everything to be desired.”

She eyed the blood sliding down his cheek, gritting her jaw before adding, “Your blood is as offensive as your smell. Take care of both immediately or you’ll find yourself without a paycheck at the end of the week.”

Evie rolled her eyes as the she-demon stormed away. “Why do you press her like that?”

Blade shrugged, using one of his leather wrist cuffs to dab up some of the blood. “Because it’s fun when she gets ruffled.” Eyeing the closed doors, Blade lowered his voice. “I’ve heard there’s been another bust on a shipment. How’s he handling it?”

“Did you see the entryway?” she answered dryly.

“So normally, then?” Blade chuckled and then froze, remembering how close they were to The Villain’s office.

“You can speak freely. He’s been everywhere but here the past couple of days.”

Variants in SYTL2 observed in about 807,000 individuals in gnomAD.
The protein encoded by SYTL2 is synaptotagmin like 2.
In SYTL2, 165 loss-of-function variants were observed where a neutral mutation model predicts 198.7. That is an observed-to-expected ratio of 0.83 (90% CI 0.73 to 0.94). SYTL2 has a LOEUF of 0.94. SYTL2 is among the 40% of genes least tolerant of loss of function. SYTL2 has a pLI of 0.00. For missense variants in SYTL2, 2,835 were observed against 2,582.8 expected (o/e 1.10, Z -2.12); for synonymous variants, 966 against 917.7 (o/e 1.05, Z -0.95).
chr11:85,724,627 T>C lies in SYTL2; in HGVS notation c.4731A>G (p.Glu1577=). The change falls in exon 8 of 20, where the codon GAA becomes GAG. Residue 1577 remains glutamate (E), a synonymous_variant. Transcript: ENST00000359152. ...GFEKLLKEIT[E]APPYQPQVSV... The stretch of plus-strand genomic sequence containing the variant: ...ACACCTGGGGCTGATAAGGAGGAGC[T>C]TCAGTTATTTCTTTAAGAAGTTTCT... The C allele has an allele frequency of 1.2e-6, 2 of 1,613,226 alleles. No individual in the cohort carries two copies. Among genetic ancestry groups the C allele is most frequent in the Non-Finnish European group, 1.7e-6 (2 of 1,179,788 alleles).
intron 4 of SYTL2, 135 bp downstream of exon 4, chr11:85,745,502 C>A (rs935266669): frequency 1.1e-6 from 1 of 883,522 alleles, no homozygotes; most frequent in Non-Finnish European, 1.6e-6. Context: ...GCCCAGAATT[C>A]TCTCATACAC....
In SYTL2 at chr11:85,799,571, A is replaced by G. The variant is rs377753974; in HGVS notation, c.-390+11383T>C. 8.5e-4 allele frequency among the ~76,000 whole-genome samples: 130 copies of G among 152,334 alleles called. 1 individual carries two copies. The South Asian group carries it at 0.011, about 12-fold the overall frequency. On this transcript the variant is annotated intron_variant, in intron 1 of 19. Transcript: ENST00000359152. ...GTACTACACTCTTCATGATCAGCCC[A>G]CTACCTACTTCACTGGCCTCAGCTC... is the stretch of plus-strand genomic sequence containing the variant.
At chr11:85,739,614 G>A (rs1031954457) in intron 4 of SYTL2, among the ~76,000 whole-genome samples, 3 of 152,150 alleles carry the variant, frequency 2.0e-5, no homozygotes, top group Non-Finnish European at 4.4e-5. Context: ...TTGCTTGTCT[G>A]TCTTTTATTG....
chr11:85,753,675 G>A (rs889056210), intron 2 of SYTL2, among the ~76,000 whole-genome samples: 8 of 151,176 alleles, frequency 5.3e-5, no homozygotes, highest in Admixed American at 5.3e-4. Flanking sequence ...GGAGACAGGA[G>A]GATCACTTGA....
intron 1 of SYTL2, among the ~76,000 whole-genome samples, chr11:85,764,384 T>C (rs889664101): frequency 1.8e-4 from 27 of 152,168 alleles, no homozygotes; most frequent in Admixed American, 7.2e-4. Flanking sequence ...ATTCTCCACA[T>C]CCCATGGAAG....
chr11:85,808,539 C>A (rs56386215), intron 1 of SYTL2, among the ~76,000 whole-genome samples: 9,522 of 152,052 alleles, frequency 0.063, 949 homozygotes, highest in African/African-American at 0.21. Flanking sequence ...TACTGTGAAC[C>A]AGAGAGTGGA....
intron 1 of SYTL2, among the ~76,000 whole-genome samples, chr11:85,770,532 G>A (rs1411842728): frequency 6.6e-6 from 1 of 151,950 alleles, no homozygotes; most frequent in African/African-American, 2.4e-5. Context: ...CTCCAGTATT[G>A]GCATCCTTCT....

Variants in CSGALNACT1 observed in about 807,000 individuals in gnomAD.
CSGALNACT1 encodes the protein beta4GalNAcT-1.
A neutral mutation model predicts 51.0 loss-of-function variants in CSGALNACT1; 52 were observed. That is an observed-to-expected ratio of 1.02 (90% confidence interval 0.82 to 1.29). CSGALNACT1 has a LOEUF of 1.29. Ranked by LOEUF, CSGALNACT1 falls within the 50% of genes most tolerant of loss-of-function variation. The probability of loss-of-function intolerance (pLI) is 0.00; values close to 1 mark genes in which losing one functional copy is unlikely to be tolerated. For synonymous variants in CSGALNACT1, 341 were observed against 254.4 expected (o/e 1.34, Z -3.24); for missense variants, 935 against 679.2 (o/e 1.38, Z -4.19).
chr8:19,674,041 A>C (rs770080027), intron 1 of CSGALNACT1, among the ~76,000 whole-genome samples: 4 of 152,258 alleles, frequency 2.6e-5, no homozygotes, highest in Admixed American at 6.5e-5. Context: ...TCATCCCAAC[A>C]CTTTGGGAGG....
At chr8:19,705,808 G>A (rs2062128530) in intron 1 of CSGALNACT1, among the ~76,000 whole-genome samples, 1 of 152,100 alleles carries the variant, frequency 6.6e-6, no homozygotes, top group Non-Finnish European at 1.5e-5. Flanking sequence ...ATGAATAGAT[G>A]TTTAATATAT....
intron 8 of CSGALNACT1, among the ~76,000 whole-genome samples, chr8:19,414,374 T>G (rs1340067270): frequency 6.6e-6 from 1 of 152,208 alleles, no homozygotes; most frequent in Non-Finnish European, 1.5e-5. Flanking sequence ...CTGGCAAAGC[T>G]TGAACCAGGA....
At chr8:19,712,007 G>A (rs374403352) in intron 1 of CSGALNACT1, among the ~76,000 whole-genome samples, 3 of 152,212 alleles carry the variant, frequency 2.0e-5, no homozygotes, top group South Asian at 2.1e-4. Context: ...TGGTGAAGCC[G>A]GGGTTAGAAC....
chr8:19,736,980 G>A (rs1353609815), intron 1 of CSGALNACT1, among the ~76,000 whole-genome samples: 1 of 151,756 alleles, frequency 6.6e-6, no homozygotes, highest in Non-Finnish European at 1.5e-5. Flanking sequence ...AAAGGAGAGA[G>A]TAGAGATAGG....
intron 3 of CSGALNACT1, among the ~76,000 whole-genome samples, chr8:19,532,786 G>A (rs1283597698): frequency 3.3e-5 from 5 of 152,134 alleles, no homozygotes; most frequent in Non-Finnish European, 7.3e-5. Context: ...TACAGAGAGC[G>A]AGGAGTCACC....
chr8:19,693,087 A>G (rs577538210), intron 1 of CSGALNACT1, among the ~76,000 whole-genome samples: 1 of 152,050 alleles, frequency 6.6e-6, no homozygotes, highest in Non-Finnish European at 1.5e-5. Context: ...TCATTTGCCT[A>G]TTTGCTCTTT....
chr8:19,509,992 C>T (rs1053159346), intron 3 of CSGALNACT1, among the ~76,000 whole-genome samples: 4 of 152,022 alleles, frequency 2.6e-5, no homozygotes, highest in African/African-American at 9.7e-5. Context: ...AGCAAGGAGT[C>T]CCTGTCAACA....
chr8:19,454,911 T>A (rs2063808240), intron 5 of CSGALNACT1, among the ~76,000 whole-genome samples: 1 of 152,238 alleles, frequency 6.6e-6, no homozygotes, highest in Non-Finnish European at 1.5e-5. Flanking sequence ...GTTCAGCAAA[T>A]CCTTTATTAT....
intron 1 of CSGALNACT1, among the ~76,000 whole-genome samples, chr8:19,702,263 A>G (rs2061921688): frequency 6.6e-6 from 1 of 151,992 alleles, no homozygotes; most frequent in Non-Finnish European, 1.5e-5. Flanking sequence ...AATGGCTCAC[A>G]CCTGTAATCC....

“No arson for you today?” Blade gave her a mock pout.

Evie huffed a laugh, which was unsettling because the man was hardly joking. She’d started quite a few fires since she obtained the job, figuratively and literally. “That’s not my only job here, you know.”

He nodded quickly. “Oh, I know. I heard from someone you’ve cut the boss’s destructive tirades down to two a week.”

“I don’t let him talk to any of the interns before he’s eaten breakfast— that’s the key. He’s crabby on an empty stomach,” she said, wondering just how many of their workers’ lives were saved because of a frosted pastry.

Evie leaned back against her desk, gaze going to the large clock on the wall. The loud clang of the bell rang throughout the room, startling some workers at their desks and causing others to bolt from their seats, their bags already gathered to return home to their loved ones.